E.W. Perera states in his book that an ola manuscript records that a banner bearing the symbol of a lion holding a sword in the right paw was the flag of Sri Wickrema Rajasinghe, the last king to rule the Kandyan Kingdom, before it came under British rule. In 1815, they replaced the Lion flag with the Union Jack as the national flag of Sri Lanka.
Sakyamuni Siddhartha Gautama Buddha, 2,600 years ago, had referred to the use of flags in the Dhajagga Sutta and it is of very special significance to Buddhists. The flag is the identity of a nation, country and a kingdom. The flag is the reflection of a national and cultural adaptation in its true perspective.
“National sentiments are borne out in the flag. History reports that the king was taken prisoner and deported to Vellore in South India, the Lion flag was taken to England and kept at the Royal Military Hospital in Chelsea. E.W. Perera among the galaxy of national leaders, who were at the helm in the quest for freedom had discovered the original lion flag at Chelsea. This was displayed in a special edition of the Dinamina and this focused the attention of the entire nation. Unaware of the former as to its actual design they were in great anxiety to see the present flag.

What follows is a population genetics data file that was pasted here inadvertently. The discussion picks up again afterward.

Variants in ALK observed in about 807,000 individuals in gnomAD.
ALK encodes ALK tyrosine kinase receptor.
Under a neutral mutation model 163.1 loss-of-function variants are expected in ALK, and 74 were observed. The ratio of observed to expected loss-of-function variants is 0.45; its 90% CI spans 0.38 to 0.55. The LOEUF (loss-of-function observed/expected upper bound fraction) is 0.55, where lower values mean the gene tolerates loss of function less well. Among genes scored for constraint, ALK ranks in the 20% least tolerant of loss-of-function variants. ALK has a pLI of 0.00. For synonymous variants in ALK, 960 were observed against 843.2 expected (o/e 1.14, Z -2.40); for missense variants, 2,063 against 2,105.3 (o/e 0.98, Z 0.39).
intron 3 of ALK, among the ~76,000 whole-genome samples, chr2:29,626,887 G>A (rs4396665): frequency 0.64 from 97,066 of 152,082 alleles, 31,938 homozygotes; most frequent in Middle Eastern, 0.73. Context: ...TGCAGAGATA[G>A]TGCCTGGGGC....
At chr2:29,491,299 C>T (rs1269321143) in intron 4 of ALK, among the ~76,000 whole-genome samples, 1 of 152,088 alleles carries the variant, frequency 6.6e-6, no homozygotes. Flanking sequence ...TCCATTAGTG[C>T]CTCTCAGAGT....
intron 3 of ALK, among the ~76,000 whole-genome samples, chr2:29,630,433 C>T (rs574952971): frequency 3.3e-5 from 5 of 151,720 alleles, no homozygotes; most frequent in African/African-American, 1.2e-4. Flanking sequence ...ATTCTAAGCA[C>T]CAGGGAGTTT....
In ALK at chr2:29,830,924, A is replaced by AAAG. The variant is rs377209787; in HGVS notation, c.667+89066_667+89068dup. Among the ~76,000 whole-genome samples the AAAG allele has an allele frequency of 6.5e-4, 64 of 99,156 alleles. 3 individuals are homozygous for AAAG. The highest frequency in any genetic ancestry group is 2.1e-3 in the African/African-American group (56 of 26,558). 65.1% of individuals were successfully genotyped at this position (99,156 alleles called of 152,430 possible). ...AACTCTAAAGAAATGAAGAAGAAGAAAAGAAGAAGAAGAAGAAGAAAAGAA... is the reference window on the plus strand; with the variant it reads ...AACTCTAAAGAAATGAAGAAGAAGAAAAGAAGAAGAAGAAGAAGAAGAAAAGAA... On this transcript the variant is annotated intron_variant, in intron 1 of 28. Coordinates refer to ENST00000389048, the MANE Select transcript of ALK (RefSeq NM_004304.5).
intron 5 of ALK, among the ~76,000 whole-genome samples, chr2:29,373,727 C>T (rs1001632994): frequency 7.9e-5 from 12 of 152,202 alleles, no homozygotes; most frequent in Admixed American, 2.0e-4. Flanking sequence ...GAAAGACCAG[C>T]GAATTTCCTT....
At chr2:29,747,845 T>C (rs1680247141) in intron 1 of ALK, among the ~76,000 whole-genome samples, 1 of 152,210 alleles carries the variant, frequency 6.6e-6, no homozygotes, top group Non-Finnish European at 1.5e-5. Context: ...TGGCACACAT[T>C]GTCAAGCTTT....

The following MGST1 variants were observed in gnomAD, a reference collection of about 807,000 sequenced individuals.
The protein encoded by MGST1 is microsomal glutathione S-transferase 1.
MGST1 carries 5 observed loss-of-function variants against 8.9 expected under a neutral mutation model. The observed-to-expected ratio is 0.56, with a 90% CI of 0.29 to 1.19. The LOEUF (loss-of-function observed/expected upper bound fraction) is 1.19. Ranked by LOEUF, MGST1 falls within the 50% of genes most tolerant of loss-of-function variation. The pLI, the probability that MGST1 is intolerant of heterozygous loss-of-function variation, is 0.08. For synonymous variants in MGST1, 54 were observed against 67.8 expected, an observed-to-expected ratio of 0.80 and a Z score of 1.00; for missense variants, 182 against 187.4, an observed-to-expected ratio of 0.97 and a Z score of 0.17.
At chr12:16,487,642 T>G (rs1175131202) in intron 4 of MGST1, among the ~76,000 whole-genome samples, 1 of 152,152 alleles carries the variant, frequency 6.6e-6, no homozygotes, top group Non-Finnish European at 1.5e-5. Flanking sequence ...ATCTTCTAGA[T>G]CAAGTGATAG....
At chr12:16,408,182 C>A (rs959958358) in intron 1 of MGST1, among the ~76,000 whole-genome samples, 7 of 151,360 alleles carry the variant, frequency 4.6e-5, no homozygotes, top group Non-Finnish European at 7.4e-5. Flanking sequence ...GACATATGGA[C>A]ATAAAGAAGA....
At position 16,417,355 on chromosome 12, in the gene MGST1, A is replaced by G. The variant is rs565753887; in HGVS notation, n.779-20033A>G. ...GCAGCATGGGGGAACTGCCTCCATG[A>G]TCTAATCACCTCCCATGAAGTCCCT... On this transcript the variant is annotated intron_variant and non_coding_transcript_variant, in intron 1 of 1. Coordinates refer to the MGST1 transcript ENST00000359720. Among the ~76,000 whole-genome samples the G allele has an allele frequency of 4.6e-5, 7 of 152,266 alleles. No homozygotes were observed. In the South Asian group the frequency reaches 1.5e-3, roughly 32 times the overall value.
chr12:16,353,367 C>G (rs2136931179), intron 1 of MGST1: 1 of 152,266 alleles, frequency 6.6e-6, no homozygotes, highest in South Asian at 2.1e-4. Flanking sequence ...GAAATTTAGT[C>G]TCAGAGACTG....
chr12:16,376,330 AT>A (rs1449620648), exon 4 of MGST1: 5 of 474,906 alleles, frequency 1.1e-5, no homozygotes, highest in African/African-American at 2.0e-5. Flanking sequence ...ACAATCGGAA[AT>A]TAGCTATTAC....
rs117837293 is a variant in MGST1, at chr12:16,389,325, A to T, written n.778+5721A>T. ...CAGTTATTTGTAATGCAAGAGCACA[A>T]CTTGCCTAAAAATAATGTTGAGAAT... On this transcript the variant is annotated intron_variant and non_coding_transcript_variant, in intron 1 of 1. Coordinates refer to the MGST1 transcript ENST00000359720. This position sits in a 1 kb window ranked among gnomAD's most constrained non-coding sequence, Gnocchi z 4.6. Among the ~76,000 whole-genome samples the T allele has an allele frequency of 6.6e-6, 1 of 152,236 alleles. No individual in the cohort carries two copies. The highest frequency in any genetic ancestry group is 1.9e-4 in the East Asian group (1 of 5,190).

The true national flag
The national flag of Sri Lanka was designed on the recommendations of D.S. Senanayake, the Father of the Nation and the first Prime Minister. This masterpiece in national tradition is unmatched and is sacred to the entire nation. The national glory and culture is embodied very clearly. Each feature has its own distinctive meaning and significance. The brilliant crimson in the background indicates immortality. The gold border running right round represent the Sangha who motivated and guided the royalty. The four gold Bo leaves, at the four corners of the background depict Metta, Karuna, Muditha and Upekkha - the four noble qualities to be developed by humanity. The two equal vertical stripes in saffron and green represent the Tamil and Muslim communities.
The picture of a lion in gold in the centre reflects the strength of the nation while the gold sword held by the lion symbolises righteous rule, justice and fairplay to all, heralding a time of peace and harmony, for the welfare of all beings.
Our national flag is a symbol of Sri Lanka and its people. In short it has a message for each citizen. Our original flag has seen many changes over the years. History says that at one time, the royal flag had a red lion holding a sword in the right paw on a white background.
However, regardless of the colours of the lion or the background, the lion has adorned the flags of the kings of Lanka for over 20 centuries and still continues to be the symbol of the national flag of Independent Sri Lanka.
The existing flag since the dawn of independence is respected, honoured and held in high esteem by every citizen of Sri Lanka. Hence, it is revered in the country. With the passage of time, people have become the rightful owners of the national flag - the 2,000-year-old Lion flag belonging to a heroic, fearless and duty-conscious people of Sri Lanka. It is a genuine symbol of unity.